I've finished two Bachelor's in Maths and Physics with moderately good grades, but a fairly advanced Thesis (and advanced learning) in Mathematical Logic. I've recently learned about the ethical urgency of AI Safety research. With the prospect of getting into that field in the near future (probably along the lines of a Theoretical Research Lead), I now have to face a career decision, and I'd be really thankful if anyone familiar with the academic field of AI research could share their thoughts. My two options are the following:

  1. Taking the Master of Pure and Applied Logic in Barcelona. This Master's is almost exclusively pure maths, but I'm pretty sure I'd be able to obtain excellent grades.
  2. Undertaking a 3-year PhD in Mathematical Logic in Vienna. The research would again be in some specific areas of pure maths (Recursion Theory, Proof Theory, Set Theory), and I'm pretty certain (but not as much) that I'd be able to obtain good results.

My initial idea was the Master's might be a better choice for ending up in AI Safety since it leaves open the possibility of later undertaking a PhD closer to AI, and I'd probably be considered a valuable student if I obtain excellent grades. But on the contrary, obtaining a PhD in pure maths being as young as I am might provide even more status. Furthermore, I'm not certain the best way to enter AI academia is necessarily by undertaking an AI-related PhD.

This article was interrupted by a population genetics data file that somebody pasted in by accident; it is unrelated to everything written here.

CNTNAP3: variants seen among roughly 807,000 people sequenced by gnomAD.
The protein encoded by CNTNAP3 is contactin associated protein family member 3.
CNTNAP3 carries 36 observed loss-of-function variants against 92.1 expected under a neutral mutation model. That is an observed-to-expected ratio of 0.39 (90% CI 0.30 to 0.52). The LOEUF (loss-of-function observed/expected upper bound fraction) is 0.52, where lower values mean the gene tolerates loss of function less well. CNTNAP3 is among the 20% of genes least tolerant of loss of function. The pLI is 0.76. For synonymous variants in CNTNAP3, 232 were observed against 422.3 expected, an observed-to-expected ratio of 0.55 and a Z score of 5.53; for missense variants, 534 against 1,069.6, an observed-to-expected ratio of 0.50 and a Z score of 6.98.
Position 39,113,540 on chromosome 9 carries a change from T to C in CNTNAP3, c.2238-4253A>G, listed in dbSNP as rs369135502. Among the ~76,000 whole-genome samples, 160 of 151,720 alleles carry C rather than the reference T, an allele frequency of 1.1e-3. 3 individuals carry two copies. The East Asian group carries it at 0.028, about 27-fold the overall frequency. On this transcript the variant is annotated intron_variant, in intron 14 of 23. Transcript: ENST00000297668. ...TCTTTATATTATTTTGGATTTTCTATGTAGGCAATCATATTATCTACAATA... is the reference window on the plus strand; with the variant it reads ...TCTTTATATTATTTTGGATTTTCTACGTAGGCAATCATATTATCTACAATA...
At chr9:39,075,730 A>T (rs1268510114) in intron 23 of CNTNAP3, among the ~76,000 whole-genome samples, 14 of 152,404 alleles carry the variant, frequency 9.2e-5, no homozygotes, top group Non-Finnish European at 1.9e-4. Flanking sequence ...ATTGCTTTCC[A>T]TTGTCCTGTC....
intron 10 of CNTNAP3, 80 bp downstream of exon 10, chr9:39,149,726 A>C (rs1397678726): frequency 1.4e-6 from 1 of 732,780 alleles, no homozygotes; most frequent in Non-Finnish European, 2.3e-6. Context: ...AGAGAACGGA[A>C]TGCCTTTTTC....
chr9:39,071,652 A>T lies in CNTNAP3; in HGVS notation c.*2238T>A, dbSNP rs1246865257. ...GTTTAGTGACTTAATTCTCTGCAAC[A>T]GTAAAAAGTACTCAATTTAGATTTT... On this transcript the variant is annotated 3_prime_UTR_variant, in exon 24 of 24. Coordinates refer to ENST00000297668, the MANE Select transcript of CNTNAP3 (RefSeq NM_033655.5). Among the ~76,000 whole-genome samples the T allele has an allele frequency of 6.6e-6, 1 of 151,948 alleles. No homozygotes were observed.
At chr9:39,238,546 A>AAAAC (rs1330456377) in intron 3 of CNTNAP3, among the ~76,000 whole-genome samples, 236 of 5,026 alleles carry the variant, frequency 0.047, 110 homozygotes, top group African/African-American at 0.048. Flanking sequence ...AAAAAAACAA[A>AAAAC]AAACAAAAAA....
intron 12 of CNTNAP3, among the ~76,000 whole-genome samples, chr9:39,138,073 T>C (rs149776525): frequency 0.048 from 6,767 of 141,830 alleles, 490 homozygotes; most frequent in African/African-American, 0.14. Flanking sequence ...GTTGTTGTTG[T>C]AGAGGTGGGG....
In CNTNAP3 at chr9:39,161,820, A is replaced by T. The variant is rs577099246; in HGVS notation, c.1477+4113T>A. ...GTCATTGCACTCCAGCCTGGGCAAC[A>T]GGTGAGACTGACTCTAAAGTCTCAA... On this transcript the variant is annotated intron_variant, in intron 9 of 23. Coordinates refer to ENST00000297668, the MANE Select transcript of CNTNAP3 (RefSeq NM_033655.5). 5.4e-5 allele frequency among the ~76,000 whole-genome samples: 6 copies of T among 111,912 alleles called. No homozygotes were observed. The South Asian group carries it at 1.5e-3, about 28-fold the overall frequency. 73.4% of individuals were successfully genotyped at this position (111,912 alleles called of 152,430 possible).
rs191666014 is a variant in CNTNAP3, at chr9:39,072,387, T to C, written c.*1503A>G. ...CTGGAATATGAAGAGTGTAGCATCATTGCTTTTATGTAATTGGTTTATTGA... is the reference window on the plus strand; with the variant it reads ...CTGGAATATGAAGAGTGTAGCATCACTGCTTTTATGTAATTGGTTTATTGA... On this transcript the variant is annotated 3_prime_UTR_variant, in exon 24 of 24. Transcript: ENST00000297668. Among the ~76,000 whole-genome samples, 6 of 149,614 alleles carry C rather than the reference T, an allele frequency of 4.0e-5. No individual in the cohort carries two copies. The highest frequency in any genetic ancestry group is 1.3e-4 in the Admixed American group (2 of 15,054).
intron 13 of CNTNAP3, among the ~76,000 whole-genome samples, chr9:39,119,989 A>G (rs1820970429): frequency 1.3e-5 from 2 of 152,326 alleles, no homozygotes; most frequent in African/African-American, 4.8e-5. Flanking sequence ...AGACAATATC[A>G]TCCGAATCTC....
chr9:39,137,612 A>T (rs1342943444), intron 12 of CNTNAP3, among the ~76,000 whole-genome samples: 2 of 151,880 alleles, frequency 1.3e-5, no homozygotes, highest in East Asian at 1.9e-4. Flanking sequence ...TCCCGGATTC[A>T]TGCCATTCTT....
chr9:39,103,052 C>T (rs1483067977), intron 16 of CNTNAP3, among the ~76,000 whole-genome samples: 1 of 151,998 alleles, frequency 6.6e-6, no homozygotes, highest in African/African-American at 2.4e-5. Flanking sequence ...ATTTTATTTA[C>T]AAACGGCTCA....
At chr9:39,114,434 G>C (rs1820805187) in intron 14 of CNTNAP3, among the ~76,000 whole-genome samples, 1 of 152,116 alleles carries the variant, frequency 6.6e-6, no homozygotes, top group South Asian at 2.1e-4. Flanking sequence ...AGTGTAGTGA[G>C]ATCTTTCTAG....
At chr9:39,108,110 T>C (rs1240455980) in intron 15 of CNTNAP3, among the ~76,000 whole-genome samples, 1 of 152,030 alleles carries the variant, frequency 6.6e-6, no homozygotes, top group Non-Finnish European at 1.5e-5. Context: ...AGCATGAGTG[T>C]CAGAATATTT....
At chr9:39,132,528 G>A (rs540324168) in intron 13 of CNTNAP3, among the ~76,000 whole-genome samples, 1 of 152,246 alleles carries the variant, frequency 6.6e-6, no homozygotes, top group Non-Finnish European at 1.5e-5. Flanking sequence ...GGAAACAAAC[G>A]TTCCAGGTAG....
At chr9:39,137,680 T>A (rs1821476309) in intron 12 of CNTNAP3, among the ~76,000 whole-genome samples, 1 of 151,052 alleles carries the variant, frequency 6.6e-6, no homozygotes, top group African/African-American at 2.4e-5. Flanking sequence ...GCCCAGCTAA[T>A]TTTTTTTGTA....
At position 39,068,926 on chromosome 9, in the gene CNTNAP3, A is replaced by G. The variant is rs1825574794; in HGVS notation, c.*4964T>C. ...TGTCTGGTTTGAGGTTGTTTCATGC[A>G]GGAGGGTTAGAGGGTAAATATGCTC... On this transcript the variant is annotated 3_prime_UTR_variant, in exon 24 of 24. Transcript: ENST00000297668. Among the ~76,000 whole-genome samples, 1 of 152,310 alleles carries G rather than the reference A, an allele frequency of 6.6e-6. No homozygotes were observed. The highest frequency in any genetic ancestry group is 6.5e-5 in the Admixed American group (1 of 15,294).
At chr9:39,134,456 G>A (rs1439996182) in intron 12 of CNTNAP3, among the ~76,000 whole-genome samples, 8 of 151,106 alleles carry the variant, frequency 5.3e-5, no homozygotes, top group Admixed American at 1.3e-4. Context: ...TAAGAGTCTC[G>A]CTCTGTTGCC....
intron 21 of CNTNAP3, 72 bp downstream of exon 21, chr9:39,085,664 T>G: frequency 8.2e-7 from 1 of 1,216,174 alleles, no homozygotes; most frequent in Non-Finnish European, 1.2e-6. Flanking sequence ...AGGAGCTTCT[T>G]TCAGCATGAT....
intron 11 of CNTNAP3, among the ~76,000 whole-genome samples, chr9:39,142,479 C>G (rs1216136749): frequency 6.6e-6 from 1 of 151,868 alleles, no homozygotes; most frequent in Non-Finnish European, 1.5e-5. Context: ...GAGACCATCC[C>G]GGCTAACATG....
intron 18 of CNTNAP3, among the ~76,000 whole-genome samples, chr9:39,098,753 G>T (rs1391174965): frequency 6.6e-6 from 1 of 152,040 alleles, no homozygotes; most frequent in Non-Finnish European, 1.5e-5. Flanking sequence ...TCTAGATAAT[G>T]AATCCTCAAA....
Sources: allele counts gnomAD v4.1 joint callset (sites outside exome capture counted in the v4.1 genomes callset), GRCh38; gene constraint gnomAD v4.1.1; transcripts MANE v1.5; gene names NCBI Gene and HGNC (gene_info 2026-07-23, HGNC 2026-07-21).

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I think the choice between two options is a limited action space that's unlikely to contain the best thing you could be doing. I wrote about why a limited action space can remove the vast majority of your impact here. Have you considered

  • careers outside of academia
  • programs outside of Europe
  • PhD programs in computer science
  • taking a gap year to learn the basics of some subfield of alignment, possibly doing some independent research, then doing a PhD in alignment at somewhere like CHAI
  • developing aptitudes other than math ability, such that you can become the Pareto-best in the world
  • gathering more information on your comparative advantage before committing to a large career decision
    • internships
    • doing something like Cambridge AGISF to see what theoretical problems you fit best at
    • testing your skill at machine learning
    • distilling some papers as a cheap test of your technical writing skill

It's also possible to do harm if you advance AI capabilities more than safety, so any plan to go into AI research has to have a story for how you differentially advance safety.

Thank you very much for your comment. Without delving into the details, some of these routes seem unfeasible right now, but others don't. You have furthermore provided me with some useful ideas and resources I hadn't considered or read about yet.

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